Shaw: The homelessness problem needs more than a temporary solution
Dozens of RVs parked near Columbus Park in San Jose are waiting to be moved into a safe parking site. Photo by Jana Kadah.

    It still feels like we’re kicking the can down the road when it comes to the homelessness problem. Or at least it feels like we’re trying to place bandages over a gaping wound.

    There has been progress toward acknowledging the problem and presenting solutions over the past several years, which is a huge improvement. The tiny home trend continues, along with Project Homekey programs. But these are quick-build and renovation solutions for interim housing, when permanent housing is needed. Residents will continue to oppose any type of homeless housing in their communities, whether interim or permanent, with the usual complaints of drug and alcohol abuse and mental illness being their reasons for objecting.

    I would hope communities come together and press local governments to create addiction treatment centers and quality mental health facilities with the same focused energy. Because the large nonprofits running the homeless facilities don’t want to do it. When they list the services they provide, they don’t have a medical component attached. Whether it’s offering therapy, counseling, support groups or some mental health evaluation.

    Put psychiatrists and therapists on the payroll and ensure every facility is visited regularly. Especially if the homeless individuals go from a communal encampment environment to a tiny home or hotel program that doesn’t allow visitors.

    At least San Jose is making some progress concerning housing. The city has the green light to build tens of thousands of homes in North San Jose, with a portion of those designated as affordable. Affordable is a tricky word, but let’s take it as low-income, very low-income and severely low-income. It will be a great thing when it is complete, but construction takes a long time.

    San Jose also has thresholds and incentives for developers to place different levels of affordable housing within their complexes, along with a revamped in-lieu fee structure that will hopefully encourage developers to choose the “placement within the complex” option. These strategies may help provide some affordable housing, but don’t touch the “homeless with nowhere to go” problem.

    Tiny homes do their part, and more are slated to pop up, but again those are interim solutions. I hope more prefab supportive housing complexes, like the one located at Branham Lane and Monterey Road, are coming in the near future. Supposedly they’re cheaper than traditional development projects.

    Until then it’s the path of shelters, converted hotels and quick-build solutions to permanent housing. But sometimes I look at statistics reported by nonprofits and local governments about the number of individuals who have received permanent housing year over year, and wonder where all this permanent housing is coming from. If there are available homes, how are they available? Is the former occupant now homeless?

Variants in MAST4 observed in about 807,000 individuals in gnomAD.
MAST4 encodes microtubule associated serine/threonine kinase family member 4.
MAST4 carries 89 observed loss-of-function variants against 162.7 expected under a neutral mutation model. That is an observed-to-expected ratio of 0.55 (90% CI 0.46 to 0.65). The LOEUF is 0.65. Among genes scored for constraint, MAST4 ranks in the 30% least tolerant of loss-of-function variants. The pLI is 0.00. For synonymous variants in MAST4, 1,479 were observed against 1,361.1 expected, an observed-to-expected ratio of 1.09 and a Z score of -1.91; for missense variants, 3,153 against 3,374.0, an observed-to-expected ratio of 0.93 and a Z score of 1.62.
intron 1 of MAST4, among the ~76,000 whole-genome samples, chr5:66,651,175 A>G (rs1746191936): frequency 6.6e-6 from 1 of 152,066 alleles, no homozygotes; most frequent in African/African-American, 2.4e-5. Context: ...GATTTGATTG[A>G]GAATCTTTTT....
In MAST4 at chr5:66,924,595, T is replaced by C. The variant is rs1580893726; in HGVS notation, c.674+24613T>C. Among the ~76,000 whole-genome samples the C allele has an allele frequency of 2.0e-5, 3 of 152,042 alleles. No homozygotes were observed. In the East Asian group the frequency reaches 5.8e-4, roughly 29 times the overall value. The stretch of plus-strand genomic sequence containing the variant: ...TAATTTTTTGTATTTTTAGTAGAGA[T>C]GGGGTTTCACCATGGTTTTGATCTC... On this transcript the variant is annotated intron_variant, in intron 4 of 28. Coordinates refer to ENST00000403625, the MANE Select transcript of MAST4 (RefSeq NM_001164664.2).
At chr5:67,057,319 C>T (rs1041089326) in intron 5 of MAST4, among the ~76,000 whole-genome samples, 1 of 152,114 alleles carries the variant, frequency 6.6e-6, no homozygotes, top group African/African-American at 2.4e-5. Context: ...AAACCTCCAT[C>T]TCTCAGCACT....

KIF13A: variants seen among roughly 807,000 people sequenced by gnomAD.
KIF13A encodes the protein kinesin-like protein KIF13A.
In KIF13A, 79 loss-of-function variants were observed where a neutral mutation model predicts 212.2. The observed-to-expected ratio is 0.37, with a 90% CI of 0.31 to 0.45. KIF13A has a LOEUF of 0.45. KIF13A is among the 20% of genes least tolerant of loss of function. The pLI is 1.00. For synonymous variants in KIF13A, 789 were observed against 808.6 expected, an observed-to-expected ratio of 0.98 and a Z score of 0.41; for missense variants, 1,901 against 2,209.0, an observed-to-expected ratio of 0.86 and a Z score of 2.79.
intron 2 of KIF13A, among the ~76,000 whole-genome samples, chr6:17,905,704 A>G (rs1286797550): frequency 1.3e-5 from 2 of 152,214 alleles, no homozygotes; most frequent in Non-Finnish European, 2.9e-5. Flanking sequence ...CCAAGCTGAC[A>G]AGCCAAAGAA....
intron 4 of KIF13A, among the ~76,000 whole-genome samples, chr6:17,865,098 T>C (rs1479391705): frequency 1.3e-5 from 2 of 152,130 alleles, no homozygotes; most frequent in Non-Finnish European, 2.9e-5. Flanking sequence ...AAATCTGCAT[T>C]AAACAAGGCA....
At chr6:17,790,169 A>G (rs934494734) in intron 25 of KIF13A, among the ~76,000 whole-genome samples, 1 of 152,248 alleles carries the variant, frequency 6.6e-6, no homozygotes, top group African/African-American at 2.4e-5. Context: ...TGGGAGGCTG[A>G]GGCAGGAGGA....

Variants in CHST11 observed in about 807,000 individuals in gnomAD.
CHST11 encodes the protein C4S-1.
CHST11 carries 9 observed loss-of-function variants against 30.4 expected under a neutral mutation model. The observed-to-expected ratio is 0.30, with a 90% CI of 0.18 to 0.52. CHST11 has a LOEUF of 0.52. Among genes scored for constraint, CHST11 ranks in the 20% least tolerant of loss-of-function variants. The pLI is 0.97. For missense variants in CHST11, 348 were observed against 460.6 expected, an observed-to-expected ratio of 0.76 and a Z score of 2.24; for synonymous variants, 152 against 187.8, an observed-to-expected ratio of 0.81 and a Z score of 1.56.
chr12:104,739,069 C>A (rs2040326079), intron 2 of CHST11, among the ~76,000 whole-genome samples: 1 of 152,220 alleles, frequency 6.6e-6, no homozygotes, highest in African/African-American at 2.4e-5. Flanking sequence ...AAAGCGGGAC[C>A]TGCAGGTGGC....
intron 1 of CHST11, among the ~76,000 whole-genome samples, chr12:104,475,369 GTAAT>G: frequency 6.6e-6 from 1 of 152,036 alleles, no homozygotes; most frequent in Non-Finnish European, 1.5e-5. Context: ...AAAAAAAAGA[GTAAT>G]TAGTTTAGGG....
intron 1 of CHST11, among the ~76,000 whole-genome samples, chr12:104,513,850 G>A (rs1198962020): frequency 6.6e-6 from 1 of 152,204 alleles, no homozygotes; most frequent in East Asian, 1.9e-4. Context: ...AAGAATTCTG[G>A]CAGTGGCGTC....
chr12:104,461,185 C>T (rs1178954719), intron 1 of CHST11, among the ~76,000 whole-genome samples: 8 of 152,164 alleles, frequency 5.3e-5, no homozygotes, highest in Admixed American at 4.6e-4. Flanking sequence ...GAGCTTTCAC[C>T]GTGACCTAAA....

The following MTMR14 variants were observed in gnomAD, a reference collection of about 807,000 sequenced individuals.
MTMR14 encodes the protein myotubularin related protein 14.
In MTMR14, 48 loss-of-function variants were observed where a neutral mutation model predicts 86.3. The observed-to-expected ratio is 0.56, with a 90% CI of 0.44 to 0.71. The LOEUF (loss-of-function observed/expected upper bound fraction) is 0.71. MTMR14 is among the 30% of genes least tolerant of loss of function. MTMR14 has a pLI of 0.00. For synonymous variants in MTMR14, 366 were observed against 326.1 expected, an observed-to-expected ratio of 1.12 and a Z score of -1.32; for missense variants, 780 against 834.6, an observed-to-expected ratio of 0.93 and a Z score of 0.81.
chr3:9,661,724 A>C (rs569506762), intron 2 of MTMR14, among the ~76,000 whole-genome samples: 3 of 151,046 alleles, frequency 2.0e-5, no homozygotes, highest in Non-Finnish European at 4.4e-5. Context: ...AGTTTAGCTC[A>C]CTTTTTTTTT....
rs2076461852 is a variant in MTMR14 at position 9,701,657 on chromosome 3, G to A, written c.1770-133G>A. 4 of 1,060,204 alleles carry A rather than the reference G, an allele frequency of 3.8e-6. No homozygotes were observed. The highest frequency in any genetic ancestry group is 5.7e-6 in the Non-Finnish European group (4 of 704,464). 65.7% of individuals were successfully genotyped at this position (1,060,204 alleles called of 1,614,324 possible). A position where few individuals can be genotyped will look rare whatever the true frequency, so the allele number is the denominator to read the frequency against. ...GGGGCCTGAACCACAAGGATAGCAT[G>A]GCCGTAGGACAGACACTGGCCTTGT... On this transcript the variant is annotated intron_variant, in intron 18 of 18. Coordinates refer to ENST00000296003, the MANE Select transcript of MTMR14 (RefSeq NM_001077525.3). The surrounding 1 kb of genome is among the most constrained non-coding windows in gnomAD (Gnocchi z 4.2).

It’s just something I can’t wrap my head around. I know there aren’t enough homes available to house every person holding a housing voucher in the county. And low-income housing is scarce, so it’s nearly impossible to find housing if you’re homeless.

    Despite knowing there isn’t an adequate number of beds available at treatment facilities, on top of a lack of housing, nonprofits have once again reinstated a time limit for staying at shelters and other facilities. HomeFirst has implemented a 120-day policy and Abode has informed residents at the Plaza Hotel of something similar. That basically pushes individuals back onto the streets if they haven’t secured housing.

    Permanent supportive housing and rapid rehousing take a big chunk of placements, leaving little supply for individuals not in those programs. Everyone is aware of this, and implementing stay limits seems nonsensical, especially when programs aren’t offered within these environments. Where are people supposed to go? To another shelter to increase turnover numbers, when it’s not really turnover because that person is still in a shelter? Or to the streets where they may end up using substances, have a mental breakdown, get abused or raped? It’s all frustrating, especially since organizations are always expressing a commitment to end homelessness, while pulling stunts like this.

    I recognize the good that organizations have done to address homelessness, within their own parameters. But the lack of urgency to create permanent housing, substance abuse centers and mental health facilities are glaring omissions when presenting solutions.

    Homelessness is a gaping wound in need of treatment, but I guess the solution is a bandage, for now.

    Jerome Shaw is an unhoused advocate residing at the Plaza Hotel run by Abode. He is a neurodivergent individual who seeks to ensure people remain aware of the importance of mental health and mental health treatment in today’s society. Shaw is part of a group of homeless columnists writing for San José Spotlight’s In Your Backyard column to shine a light on the homeless experience in Silicon Valley. Contact Jerome at [email protected].
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